I created a new version of the homepage, as seen below, that only contained 488 words and form fields higher on the page.
Can you guess which one converted better?
The original converted 7.6% better than the new variation.
And it didn’t just end there, the leads from the long form version of the page were higher in quality in that they were more qualified than the leads that came from the new variation.
Point being: stop holding back your landing pages by following this trite and outright wrong opinion.
You’ve gotten the reader past the opening headline, through the body copy, and now they’re really intrigued and getting near the bottom of your landing page… time to seal the deal with some awesome testimonials.
…the only problem is, you have things like this up on your site:
This product is super-duper! Wowie zowie!
— Some dude
That’s a shame, because:
And you’re going to leave one of your best forms of social proof generic and unmemorable?
The question is this: how exactly can you improve your social proof + testimonials while still being honest? (Fake testimonials will bite you in the ass sooner or later, so don’t be a jerk)
One easy way is to simply include a photo of the person giving the testimonial — recent research on “truthiness” discovered that a photo was found to increase trust among all participants, even if said photo was nonsensical (didn’t relate to the written content).
Thus, faces can easily be added to enhance credibility, like this example at KISSmetrics:
Or like the one we use on Help Scout:
Another great solution for enhancing social proof on your landing pages is to focus more on memorable stories over cookie-cutter praise.
According to psychologists Christopher Chabris and Daniel Simons (authors of The Invisible Gorilla), stories stay lodged in our minds better than statistics because stories are memorable and data isn’t (in comparison).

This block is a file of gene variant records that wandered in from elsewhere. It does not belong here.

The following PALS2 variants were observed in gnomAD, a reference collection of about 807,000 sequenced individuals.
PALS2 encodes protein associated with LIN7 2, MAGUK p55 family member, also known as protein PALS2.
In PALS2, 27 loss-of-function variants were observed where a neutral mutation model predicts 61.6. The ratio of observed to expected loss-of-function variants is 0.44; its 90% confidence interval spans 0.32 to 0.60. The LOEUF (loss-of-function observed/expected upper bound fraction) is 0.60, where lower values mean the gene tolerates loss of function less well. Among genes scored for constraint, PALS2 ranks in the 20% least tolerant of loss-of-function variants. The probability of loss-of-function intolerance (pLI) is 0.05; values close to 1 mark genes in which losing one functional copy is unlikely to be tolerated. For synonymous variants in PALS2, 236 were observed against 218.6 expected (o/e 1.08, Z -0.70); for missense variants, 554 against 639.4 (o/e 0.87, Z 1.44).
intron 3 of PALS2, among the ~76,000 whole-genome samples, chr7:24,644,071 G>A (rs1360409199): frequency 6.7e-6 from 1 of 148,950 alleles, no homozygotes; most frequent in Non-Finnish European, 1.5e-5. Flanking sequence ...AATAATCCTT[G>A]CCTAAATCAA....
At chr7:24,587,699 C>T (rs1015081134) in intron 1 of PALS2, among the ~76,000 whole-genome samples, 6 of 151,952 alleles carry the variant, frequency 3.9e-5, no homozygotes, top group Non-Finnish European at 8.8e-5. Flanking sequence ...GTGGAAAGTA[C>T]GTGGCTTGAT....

“Our ancestors lacked access to huge data sets and experimental methods. By necessity, we learned from specific examples, not by compiling data from many people across a wide range of situations.”
This matches up with other research on storytelling which clearly shows that stories are influential because transportation leads to persuasion.
What that means is that stories are able to get in “under the radar” unlike a typical sales pitch or vague testimonial; we’re more likely to be swept up in the tale of the story since it’s engaging.
Here’s an example…
Webmasters who have experienced the hair-pulling frustration of their site going down during a big feature can relate to this story.
It’s much more effective than, “WPENGINE SO GOOD MANY FAST WEBSITE,” or any other form of generic praise that similar hosting providers could also rustle up.
Are your key landing pages utilizing testimonials the smart way?
While long landing pages that go beyond “the fold” are obviously recommended, you have to be very careful not to scare your readers away with a giant “wall-o-text.”
The truth is this: although many people on the web will (and like) reading long pieces of content, NONE of them are going to do so if it comes across as intimidating to read.
Worse yet, although longer landing pages can convert better, you’re walking an increasingly thin line the longer your page gets.
That’s according to this study which shows that as a page gets longer, less people are likely to finish it:
(That’s obvious, but remember a longer page can contain a more convincing argument and results in much more qualified leads)
How can you enhance how “approachable” your content is? According to the study:
Highlight keywords, use headings, write short paragraphs, and utilize lists.
Nothing out of the ordinary… but are your landing pages really making use of these techniques?
Our buddy Rafal offers yet another handy graphic to do a basic comparison of how your landing pages should look vs. what they should avoid:
You’ll notice that while they are essentially the same length, the one of the left makes far more use of headlines and better spacing… you essentially read it in “chunks” vs. one long essay.
Here’s what to do next:
Thanks for reading, I’ll see you in the comments!